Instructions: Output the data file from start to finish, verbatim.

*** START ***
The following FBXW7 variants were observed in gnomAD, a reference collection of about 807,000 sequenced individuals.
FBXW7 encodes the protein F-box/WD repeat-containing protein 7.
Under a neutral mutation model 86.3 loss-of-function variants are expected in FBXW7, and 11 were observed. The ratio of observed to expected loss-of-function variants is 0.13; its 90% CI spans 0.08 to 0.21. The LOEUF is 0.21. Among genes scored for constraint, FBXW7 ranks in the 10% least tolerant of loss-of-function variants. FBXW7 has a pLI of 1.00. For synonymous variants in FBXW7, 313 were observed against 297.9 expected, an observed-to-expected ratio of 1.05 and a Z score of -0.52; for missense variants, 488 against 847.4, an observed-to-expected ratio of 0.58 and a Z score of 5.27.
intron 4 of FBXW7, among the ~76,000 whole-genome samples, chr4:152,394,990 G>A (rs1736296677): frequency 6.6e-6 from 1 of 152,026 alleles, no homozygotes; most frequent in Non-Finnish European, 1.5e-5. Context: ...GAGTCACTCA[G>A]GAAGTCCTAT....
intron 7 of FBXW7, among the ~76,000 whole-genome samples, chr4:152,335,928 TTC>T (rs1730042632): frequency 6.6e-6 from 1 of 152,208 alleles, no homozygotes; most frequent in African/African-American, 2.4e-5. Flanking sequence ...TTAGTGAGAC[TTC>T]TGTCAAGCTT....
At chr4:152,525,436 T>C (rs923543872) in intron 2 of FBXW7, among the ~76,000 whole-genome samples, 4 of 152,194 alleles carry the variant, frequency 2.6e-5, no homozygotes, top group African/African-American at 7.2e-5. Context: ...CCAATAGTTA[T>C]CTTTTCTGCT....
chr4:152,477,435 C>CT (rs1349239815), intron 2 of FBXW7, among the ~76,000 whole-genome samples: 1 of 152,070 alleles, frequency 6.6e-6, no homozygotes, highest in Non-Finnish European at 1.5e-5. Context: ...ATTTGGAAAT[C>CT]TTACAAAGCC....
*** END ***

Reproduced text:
The following FBXW7 variants were observed in gnomAD, a reference collection of about 807,000 sequenced individuals.
FBXW7 encodes the protein F-box/WD repeat-containing protein 7.
Under a neutral mutation model 86.3 loss-of-function variants are expected in FBXW7, and 11 were observed. The ratio of observed to expected loss-of-function variants is 0.13; its 90% CI spans 0.08 to 0.21. The LOEUF is 0.21. Among genes scored for constraint, FBXW7 ranks in the 10% least tolerant of loss-of-function variants. FBXW7 has a pLI of 1.00. For synonymous variants in FBXW7, 313 were observed against 297.9 expected, an observed-to-expected ratio of 1.05 and a Z score of -0.52; for missense variants, 488 against 847.4, an observed-to-expected ratio of 0.58 and a Z score of 5.27.
intron 4 of FBXW7, among the ~76,000 whole-genome samples, chr4:152,394,990 G>A (rs1736296677): frequency 6.6e-6 from 1 of 152,026 alleles, no homozygotes; most frequent in Non-Finnish European, 1.5e-5. Context: ...GAGTCACTCA[G>A]GAAGTCCTAT....
intron 7 of FBXW7, among the ~76,000 whole-genome samples, chr4:152,335,928 TTC>T (rs1730042632): frequency 6.6e-6 from 1 of 152,208 alleles, no homozygotes; most frequent in African/African-American, 2.4e-5. Flanking sequence ...TTAGTGAGAC[TTC>T]TGTCAAGCTT....
At chr4:152,525,436 T>C (rs923543872) in intron 2 of FBXW7, among the ~76,000 whole-genome samples, 4 of 152,194 alleles carry the variant, frequency 2.6e-5, no homozygotes, top group African/African-American at 7.2e-5. Context: ...CCAATAGTTA[T>C]CTTTTCTGCT....
chr4:152,477,435 C>CT (rs1349239815), intron 2 of FBXW7, among the ~76,000 whole-genome samples: 1 of 152,070 alleles, frequency 6.6e-6, no homozygotes, highest in Non-Finnish European at 1.5e-5. Context: ...ATTTGGAAAT[C>CT]TTACAAAGCC....